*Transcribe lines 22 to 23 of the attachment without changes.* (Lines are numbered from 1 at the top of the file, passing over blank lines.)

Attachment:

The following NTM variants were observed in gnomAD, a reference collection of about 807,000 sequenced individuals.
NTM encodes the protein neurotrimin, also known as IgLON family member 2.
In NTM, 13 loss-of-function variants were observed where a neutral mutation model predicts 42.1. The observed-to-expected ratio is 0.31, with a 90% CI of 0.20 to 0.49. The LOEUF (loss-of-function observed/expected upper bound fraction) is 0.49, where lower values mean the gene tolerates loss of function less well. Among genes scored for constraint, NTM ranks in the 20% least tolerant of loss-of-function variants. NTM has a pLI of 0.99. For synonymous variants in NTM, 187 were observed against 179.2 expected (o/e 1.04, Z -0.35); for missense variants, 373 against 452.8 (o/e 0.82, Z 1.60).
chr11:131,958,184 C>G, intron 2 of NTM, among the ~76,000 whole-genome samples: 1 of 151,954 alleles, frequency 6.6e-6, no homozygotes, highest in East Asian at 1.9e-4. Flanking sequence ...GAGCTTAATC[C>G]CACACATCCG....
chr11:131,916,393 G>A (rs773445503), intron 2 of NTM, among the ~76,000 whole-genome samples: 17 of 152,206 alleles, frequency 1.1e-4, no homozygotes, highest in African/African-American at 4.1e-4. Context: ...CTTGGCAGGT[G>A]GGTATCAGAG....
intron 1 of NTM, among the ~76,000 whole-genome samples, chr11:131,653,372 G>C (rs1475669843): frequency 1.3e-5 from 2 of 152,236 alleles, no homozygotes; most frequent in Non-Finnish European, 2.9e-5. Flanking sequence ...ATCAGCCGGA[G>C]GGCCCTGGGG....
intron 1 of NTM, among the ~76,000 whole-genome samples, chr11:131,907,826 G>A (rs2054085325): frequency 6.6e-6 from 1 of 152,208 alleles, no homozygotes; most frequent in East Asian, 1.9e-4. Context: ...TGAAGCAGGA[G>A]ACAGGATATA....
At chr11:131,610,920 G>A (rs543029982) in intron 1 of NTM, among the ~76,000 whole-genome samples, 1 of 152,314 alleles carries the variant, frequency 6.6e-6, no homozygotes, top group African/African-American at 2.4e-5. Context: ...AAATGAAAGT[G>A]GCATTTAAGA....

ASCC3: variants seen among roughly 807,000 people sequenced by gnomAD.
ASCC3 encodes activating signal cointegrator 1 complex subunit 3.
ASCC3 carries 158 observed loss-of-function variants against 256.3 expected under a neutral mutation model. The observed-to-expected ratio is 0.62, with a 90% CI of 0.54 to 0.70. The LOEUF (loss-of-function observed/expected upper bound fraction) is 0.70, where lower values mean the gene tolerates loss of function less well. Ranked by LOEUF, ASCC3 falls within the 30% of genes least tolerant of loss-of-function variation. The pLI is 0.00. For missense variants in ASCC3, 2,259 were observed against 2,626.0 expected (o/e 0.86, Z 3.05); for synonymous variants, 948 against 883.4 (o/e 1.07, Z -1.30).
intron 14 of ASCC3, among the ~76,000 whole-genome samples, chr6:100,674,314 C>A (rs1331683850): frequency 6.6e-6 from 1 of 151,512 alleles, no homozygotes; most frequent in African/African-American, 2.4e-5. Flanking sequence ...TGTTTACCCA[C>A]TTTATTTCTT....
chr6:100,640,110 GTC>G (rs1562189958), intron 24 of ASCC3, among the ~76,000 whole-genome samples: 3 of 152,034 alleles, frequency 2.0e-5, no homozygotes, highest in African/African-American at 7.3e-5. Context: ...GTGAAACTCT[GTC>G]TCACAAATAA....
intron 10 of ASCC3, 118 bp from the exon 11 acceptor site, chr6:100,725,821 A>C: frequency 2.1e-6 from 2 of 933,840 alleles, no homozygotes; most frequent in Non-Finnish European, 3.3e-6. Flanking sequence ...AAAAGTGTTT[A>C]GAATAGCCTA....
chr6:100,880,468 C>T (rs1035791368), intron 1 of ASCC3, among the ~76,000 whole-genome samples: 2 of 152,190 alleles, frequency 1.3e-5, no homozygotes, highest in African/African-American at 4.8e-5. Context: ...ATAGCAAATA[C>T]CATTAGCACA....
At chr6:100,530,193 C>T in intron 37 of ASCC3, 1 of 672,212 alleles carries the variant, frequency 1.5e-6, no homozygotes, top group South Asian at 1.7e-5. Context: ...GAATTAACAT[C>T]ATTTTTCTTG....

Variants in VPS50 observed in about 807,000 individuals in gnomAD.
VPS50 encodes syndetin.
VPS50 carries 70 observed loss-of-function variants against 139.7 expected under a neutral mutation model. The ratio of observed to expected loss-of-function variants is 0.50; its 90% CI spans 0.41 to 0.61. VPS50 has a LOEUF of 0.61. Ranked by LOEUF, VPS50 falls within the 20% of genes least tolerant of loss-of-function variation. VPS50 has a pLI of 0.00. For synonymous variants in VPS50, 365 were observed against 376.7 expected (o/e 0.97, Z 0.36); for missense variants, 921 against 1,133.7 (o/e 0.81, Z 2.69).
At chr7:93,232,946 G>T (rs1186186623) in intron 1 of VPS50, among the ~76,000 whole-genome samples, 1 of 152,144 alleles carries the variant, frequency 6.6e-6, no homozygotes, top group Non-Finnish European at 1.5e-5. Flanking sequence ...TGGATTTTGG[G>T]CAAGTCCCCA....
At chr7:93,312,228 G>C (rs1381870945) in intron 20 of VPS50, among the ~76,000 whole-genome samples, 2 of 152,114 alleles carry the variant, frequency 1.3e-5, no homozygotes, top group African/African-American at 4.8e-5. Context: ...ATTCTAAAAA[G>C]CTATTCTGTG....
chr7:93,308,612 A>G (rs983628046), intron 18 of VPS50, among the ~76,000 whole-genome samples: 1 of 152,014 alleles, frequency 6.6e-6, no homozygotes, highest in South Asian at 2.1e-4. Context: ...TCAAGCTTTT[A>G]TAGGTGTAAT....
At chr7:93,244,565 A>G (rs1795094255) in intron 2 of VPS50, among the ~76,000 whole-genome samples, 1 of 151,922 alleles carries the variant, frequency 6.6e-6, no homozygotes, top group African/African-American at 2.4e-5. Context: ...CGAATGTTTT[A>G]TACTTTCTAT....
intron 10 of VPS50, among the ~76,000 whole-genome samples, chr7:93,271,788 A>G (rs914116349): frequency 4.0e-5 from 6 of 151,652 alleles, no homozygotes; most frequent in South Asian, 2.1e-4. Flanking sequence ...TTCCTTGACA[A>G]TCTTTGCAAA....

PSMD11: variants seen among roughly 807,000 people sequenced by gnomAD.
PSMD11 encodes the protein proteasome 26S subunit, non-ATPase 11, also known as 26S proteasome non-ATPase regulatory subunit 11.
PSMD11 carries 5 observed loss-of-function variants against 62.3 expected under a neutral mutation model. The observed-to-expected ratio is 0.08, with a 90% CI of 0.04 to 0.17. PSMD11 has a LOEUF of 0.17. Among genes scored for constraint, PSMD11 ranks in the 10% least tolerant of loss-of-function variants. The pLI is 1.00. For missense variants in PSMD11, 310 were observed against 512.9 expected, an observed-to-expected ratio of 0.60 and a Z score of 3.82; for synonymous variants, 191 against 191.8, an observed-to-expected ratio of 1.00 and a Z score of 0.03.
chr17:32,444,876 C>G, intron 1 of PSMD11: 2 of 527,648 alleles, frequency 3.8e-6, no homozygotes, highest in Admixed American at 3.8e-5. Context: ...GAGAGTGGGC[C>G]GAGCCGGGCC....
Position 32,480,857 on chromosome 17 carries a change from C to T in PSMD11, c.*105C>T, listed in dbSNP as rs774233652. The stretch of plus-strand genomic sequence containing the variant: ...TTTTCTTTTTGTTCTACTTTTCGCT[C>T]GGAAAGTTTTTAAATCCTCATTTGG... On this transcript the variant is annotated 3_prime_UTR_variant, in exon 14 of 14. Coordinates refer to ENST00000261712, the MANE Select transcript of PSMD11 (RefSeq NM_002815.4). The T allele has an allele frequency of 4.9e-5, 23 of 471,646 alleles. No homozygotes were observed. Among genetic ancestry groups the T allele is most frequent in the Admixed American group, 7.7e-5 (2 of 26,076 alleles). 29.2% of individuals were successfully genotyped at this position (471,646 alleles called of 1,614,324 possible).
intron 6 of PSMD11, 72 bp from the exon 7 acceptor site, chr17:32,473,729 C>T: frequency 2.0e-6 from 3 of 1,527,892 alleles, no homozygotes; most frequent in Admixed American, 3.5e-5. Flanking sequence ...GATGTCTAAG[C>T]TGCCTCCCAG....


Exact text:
chr7:93,308,612 A>G (rs983628046), intron 18 of VPS50, among the ~76,000 whole-genome samples: 1 of 152,014 alleles, frequency 6.6e-6, no homozygotes, highest in South Asian at 2.1e-4. Context: ...TCAAGCTTTT[A>G]TAGGTGTAAT....
At chr7:93,244,565 A>G (rs1795094255) in intron 2 of VPS50, among the ~76,000 whole-genome samples, 1 of 151,922 alleles carries the variant, frequency 6.6e-6, no homozygotes, top group African/African-American at 2.4e-5. Context: ...CGAATGTTTT[A>G]TACTTTCTAT....